Diocese in Europe offers reassurance
Did you know that the Church of England has a Diocese in Europe? Some of their Ordinands train alongside ours through the Eastern Region Ministry Course. Charles Read asked the Diocesan Bishop, The Rt Revd Dr Robert Innes, a few questions.
How many countries does your diocese cover?
Forty-two: Continental Europe plus Morocco, Western Russia and Turkey – an area about the same as that covered by the Council of Europe.
What sort of opportunities are there for the chaplaincies and the diocese to relate to the governments and political life of European countries?
Typically, we do this as part of national level ecumenical groupings. In Belgium, for example, the leaders of churches including the Anglican church meet twice a year with the Prime Minister. I take part in an annual ‘high-level dialogue’ between religious leaders and leaders of the European Union. The EU Institutions are very open to dialogue and discussion with church and NGO representatives.
How does the diocese relate to the EU?
I am the Archbishop of Canterbury’s representative to the Institutions of the EU. In practice, I delegate much of this responsibility to my attaché, Damian Thwaites, who has a senior civil service background.
What impact has Brexit had so far on the work of the diocese in Europe?
Well, positively, ‘Europe’ has never been so much in the news in the UK as it is following the Referendum. I have noticed an increase in talented clergy wanting to leave the UK and work in Europe!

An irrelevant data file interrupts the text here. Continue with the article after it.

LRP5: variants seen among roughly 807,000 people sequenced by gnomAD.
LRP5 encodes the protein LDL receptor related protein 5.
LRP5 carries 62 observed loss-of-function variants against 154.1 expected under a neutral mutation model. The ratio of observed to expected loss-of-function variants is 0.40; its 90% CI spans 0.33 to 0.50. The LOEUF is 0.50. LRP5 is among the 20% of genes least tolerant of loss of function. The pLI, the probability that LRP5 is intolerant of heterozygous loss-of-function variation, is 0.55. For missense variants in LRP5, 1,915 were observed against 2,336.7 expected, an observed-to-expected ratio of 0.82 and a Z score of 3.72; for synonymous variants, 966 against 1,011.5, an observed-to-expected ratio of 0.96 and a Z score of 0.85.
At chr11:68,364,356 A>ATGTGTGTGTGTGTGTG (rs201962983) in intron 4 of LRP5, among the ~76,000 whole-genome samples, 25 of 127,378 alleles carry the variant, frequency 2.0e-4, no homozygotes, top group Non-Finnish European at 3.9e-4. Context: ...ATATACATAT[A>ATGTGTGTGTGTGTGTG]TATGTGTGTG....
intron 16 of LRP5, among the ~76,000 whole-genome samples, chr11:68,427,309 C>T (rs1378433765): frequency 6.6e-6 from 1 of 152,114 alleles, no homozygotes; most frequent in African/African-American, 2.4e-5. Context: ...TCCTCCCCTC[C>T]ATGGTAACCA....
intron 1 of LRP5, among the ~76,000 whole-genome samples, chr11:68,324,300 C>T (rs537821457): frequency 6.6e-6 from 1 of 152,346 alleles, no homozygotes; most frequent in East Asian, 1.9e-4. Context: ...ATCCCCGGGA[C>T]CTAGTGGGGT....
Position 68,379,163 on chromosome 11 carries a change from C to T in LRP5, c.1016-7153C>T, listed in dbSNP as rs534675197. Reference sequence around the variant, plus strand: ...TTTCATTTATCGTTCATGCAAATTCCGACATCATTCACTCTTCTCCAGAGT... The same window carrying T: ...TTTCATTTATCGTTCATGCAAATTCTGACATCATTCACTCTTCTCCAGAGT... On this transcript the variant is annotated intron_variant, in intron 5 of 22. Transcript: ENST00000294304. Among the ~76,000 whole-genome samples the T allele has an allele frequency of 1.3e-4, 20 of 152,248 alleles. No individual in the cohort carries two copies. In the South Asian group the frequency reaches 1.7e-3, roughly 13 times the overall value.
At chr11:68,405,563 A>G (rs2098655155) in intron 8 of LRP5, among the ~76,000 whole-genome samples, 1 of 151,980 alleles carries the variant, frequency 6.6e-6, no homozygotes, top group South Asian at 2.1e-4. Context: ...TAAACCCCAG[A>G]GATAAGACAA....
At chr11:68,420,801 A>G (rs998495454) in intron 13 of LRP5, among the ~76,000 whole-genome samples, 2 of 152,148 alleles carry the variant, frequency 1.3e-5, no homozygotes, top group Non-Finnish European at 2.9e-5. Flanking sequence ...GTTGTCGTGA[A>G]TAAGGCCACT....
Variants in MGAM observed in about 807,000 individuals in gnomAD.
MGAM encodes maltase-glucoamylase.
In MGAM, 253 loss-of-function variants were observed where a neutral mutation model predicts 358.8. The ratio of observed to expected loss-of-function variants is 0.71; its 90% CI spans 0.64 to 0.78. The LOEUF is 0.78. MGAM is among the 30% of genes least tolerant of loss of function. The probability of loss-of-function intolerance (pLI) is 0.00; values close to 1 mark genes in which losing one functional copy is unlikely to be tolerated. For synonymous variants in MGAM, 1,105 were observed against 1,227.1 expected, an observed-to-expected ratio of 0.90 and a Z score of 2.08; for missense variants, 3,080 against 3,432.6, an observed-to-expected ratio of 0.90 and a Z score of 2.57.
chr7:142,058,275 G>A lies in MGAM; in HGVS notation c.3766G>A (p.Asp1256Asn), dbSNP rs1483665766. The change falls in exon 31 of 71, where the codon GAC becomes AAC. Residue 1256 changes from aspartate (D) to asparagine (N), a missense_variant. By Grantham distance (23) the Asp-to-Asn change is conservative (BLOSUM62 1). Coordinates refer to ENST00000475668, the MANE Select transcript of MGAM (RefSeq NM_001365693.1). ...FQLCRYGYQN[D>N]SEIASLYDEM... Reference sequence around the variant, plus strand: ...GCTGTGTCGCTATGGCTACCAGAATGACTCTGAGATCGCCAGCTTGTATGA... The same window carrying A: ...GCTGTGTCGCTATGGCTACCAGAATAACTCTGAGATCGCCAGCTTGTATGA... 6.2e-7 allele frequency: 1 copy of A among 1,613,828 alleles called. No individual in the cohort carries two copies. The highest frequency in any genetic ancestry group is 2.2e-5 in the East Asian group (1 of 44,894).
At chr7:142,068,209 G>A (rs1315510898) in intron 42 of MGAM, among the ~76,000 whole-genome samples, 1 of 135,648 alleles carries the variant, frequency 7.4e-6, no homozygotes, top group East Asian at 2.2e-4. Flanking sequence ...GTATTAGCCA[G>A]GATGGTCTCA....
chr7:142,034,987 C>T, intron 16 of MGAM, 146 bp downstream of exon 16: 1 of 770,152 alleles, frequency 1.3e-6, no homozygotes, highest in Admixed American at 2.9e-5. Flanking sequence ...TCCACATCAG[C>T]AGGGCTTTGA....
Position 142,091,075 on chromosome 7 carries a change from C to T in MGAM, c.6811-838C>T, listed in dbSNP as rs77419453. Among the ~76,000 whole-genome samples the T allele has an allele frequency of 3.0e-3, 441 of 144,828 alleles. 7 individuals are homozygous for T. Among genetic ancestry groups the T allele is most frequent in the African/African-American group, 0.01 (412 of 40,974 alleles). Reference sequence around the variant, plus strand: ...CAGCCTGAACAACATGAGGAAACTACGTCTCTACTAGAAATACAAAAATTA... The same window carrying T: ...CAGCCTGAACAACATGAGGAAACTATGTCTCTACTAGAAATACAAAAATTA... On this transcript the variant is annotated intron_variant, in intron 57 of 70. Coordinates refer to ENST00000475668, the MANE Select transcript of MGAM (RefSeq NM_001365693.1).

On the other hand, there is a lot of anger, bewilderment and disappointment in my diocese about the UK at present – especially since many of my people didn’t get a vote in the Referendum even though they are the most affected by it. Overall, I think it has never been so important for there to be a Church of England Diocese in Europe as a means of reassuring our European partners of our commitment to them.
What are some of the best things about your diocese and being its bishop?
Diversity! Our diocese is incredibly diverse, with people from all over the world, from refugees to diplomats. We also have lots of working-age people and families. And, to some extent, we’re bucking the trend of Church of England decline. As bishop, I can certainly say I have one of the most interesting jobs in the Church of England. Last weekend I was in Helsinki; next weekend I’m in Athens; a bit later I’m visiting South East Turkey.
And what are the challenges?
How to build strong communities out of people from so many different countries who may only be united by their faith and possession of English as a second language. For me: all that travelling can be tiring, so I have to work hard to stay fit and energetic.
How could people in our diocese support the work of your diocese?
You can follow my blog or twitter account and I would really value your prayers as diocesan bishop. If you are on holiday in Europe, check out our chaplaincies and come and visit. And if you are ordained with a good level of experience you might even think about applying to us for a job!
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